If Russia ultimately fails in its grinding effort to seize the embattled Ukrainian city of Bakhmut, such a setback would have political implications and be a psychological blow for Russian forces, according to one expert.
Russia has been trying to capture the city in Ukraine’s eastern Donetsk region for months, reportedly losing large numbers of soldiers and rapidly depleting ammunition and other supplies. Forces aligned with the Russian mercenary Wagner Group, founded by Russian oligarch Yevgeny Prigozhin, have reportedly been leading the assault.
Though Russia has reportedly secured some marginal gains around Bakhmut in the past few weeks, recent analyses indicate that its prospects of continuing current operations against the city are dim. The Institute for the Study of War (ISW), a U.S. think tank, wrote in its Wednesday campaign assessment that the Bakhmut offensive is likely “culminating.”
“U.S. military doctrine defines culmination as the ‘point at which a force no longer has the capability to continue its form of operations, offense or defense,’ and ‘when a force cannot continue the attack and must assume a defensive posture or execute an operational pause,'” the ISW wrote in the assessment.
It continued: “If Russian forces in Bakhmut have indeed culminated, they may continue to attack aggressively. Culminated Russian forces may continue to conduct ineffective squad-sized assaults against Bakhmut, though these assaults would be very unlikely to make operationally significant gains.”
Russia’s Fight for Bakhmut
Retired U.S. Lieutenant General Ben Hodges, who formerly served as the commanding general of the U.S. Army Europe, told Newsweek that the credibility of Prigozhin and the Wagner Group is at stake in the Bakhmut battle.
Suppose the forces are ultimately forced to withdraw from Bakhmut or end their effort there. In that case, Hodges said, this will be a “blow” to Prigozhin’s prestige and “psychologically” damaging to the Russians overall.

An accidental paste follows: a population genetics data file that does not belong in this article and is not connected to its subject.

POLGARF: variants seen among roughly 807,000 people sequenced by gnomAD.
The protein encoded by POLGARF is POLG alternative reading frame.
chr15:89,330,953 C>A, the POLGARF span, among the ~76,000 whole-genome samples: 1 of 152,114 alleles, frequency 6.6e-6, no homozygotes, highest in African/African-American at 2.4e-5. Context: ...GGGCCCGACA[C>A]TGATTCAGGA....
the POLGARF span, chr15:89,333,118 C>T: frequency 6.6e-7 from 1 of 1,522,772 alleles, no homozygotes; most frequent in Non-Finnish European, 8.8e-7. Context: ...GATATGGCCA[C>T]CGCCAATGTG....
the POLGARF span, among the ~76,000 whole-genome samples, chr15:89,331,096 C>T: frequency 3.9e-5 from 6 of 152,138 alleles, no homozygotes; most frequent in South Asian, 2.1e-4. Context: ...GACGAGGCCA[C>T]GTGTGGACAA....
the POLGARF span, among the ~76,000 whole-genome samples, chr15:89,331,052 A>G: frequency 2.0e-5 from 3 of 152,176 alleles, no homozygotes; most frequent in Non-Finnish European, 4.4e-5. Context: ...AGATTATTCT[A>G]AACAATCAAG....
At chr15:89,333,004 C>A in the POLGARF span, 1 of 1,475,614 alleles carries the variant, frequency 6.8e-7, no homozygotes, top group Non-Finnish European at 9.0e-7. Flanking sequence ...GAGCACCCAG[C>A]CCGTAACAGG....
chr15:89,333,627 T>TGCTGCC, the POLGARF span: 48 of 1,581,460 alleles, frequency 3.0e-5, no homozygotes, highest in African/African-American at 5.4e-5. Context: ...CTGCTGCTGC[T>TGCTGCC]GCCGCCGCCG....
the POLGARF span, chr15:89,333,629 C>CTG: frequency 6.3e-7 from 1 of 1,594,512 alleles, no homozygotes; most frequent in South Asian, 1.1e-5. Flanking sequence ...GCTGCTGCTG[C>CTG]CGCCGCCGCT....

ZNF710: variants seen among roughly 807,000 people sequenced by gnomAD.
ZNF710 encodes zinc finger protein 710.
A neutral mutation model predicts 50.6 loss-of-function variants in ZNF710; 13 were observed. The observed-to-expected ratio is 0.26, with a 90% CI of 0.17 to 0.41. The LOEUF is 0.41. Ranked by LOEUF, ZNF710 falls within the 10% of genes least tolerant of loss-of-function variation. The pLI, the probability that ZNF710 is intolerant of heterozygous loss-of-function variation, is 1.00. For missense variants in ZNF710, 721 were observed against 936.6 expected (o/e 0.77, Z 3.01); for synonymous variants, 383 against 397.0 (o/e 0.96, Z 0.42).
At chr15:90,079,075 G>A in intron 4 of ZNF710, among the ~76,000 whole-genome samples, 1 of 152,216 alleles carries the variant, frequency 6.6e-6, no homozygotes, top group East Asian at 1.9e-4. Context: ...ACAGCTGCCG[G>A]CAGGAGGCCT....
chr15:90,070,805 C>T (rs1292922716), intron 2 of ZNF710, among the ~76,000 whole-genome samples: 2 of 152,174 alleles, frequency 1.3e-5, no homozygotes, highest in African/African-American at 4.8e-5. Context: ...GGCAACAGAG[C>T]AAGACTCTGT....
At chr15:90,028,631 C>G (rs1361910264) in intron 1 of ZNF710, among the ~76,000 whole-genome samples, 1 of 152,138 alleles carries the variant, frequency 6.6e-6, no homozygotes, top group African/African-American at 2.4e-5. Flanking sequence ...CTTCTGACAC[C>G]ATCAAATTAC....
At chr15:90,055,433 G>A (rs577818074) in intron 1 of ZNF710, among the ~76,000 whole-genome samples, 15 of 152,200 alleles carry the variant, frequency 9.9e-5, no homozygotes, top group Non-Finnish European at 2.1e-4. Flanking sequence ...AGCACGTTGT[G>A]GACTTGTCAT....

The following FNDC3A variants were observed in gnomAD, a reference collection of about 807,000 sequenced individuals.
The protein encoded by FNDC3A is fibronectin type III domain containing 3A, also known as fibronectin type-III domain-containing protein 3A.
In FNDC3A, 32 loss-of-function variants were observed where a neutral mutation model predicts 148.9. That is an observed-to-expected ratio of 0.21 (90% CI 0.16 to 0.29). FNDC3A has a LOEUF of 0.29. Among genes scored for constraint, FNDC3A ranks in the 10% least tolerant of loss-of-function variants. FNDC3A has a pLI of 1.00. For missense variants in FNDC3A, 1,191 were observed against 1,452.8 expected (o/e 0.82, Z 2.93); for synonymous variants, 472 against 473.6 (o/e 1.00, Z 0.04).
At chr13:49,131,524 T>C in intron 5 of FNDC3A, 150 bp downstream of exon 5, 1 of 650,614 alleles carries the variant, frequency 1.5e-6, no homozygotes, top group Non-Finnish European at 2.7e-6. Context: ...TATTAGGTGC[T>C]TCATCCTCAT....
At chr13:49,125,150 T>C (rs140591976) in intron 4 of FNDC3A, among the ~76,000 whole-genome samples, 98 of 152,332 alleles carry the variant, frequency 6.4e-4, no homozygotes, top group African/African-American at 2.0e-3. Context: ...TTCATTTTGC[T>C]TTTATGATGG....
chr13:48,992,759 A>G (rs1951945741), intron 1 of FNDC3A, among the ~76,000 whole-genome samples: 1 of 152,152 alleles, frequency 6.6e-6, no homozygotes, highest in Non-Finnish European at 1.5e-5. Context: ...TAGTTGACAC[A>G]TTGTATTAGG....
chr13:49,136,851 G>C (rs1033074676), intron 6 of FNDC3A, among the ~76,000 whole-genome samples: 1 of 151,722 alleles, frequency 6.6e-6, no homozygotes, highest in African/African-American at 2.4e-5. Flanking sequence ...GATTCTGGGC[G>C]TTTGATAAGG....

On the other hand, if Russia somehow took Bakhmut or Ukraine decided that it wasn’t important enough militarily to keep expending men and resources on, “you can be sure the Russians would play that up in the biggest possible way for their own audience,” Hodges said.
Experts have previously said that Russia has little to gain strategically or militarily by seizing Bakhmut. But it could be symbolic for Russian President Vladimir Putin, so he can show some military victory after facing embarrassing setbacks in the war.
William Reno, a professor and chair of the political science department at Northwestern University, said there would be “little tactical consequence” whether Russia took or failed to take Bakhmut.
“Russians probably expend more munitions trying to capture the town than Ukrainian forces expend to defend it,” Reno said. “Russian gains, such as they are, ordinarily would not justify the resources and effort they could have applied to better effect elsewhere. This is what wars of attrition look like on the battlefield.”
Reno explained a couple of hypotheses, which aren’t necessarily mutually exclusive, on why Russia may be so focused on seizing Bakhmut despite the limited tactical benefits that may offer. One of these is that Putin’s subordinates may not be entirely transparent with him about the true situation in Ukraine, over fears for their safety.
“As with many authoritarian systems, leadership cuts itself off from information needed to make effective decisions,” Reno said.
Another theory is that Russia’s Bakhmut offensive may “reflect Putin’s efforts to balance bureaucratic forces” aligned with Russian Defense Minister Sergei Shoigu and Prigozhin, and even the Kadyrovtsy troops loyal to Chechen leader Ramzan Kadyrov.
“Allocating different tasks across the battlefield keeps these groups in contention with one another for presidential support,” Reno said. “That makes it hard for any to assert their own views and interests.”
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